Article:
Hoover Alabama Ranks #16
on list of best city for single moms.
For most single mothers, it would seem that the bigger the city, the better the opportunity—more jobs, better public transportation systems and a larger community for support.
But a NerdWallet survey based largely on U.S. Census Bureau data has found places outside America’s largest cities seem to offer more for single moms to thrive: social stability, economic opportunity and affordable child care.
The growth of single-parent families in the U.S. is well documented and deeply debated. Less discussed is what kind of communities are best at supporting the nearly 25 million children being raised primarily by one parent. To find out, NerdWallet analyzed U.S. communities with populations of more than 50,000 residents against several key factors that affect single mothers the most.
Our analysis sets out to answer three main questions:
Can a single parent make enough to cover rent (or mortgage) and child care? As every working parent knows child care costs are astronomical. So we considered each community’s median income, median housing costs and average day care costs for an infant and a 4 year old. We found wide variations in average day care costs from state-to-state using a 2013 study by Child Care Aware of America and the Child Care Resource and Referral (CCR&R).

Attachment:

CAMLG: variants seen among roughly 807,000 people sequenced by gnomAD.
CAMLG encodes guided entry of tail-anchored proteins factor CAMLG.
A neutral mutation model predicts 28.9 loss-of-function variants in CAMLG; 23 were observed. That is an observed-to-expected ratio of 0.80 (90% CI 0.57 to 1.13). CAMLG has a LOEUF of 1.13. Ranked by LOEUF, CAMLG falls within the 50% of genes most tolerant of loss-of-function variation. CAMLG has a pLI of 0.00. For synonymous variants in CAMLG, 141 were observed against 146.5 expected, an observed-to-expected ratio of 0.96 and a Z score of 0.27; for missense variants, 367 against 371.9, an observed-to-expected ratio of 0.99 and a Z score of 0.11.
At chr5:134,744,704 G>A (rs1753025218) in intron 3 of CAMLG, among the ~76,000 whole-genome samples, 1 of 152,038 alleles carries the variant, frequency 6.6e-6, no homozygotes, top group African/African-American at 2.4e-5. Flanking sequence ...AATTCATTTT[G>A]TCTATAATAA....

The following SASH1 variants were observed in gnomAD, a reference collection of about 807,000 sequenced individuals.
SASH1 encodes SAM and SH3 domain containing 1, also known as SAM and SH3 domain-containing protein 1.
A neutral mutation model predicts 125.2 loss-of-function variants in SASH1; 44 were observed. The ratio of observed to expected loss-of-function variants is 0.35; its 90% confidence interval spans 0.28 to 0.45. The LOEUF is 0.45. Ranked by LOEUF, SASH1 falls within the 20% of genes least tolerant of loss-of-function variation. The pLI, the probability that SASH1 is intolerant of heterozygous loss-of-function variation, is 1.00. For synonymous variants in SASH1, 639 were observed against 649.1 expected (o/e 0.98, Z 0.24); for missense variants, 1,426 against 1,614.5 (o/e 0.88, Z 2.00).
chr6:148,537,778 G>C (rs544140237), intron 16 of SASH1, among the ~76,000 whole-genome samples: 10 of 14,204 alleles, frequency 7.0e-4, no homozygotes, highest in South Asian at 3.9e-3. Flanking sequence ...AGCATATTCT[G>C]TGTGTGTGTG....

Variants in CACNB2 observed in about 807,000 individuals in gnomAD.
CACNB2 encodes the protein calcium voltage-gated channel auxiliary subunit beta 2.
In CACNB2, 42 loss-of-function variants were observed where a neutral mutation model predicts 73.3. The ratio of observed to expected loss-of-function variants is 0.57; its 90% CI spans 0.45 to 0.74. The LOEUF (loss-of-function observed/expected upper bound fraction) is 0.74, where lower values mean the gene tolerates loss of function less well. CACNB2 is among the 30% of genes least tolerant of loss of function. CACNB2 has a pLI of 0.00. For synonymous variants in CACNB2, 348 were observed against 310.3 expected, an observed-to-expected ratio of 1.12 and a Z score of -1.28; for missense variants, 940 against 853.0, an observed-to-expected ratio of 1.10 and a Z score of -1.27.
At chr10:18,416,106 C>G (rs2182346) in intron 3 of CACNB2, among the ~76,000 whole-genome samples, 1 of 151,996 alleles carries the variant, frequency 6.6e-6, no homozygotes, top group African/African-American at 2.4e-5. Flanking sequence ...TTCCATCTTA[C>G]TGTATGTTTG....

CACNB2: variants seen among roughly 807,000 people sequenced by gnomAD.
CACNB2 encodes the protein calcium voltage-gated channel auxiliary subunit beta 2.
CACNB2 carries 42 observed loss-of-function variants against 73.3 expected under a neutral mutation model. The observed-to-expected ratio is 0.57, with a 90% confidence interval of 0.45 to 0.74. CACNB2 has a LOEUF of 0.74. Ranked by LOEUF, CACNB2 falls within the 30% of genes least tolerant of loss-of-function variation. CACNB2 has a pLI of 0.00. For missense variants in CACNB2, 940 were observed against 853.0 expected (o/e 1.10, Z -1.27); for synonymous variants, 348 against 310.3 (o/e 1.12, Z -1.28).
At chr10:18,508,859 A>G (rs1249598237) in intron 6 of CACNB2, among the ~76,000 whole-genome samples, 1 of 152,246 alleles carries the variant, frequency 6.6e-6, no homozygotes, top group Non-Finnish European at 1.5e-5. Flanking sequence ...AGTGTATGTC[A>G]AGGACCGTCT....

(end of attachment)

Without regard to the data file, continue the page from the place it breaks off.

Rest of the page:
Is the community stable? Poverty is a major issue for single-parent families. The census estimates that nearly half of all families living with single mothers (who make up nearly 85% of single parents) are living in poverty. We gave more weight to communities such as Towson, Maryland, which had the lowest number of single mothers below the poverty line—just 4%. The city with the highest number of single mothers below the poverty line was Delano, California, near Bakersfield. There, 68.2% of all single mothers are raising their children below the poverty line.
Can single parents have a decent quality of life? We also looked at other key quality-of-life indicators for single moms: commuting times (knowing that longer commutes can raise child care costs and hurt quality family time,) the overall strength of schools—based on data from Greatschools and whether you would be likely to find other families with similar structures for support.
And what about dads? NerdWallet took the same methodology and swapped in data points relevant to single fathers. There were some limitations, since census data doesn’t count the percentage of single fathers living below the poverty line, but our analysis still offered some insight into the lives of single fathers. Check out our list for single fathers.
Trends and takeaways:
- Single families represent a major demographic shift for communities everywhere. The number of families with children under 18 headed by single parents in 1960 was 8.2%. By 2012, 28% of all U.S. children lived in a home headed by single parents, according to census data.
- Income opportunity and stability are major concerns for single parents: Nearly half of all the 20 million children living with one parent live below the poverty line, according to 2013 census data.
- The city with the highest percentage of single fathers versus the entire population in our data set was Hanford, California at 2.1% of total population.
- The city with the highest percentage of single mothers versus the entire population was Camden, New Jersey at 7.9% of total population.
For more information on the full ranking click here.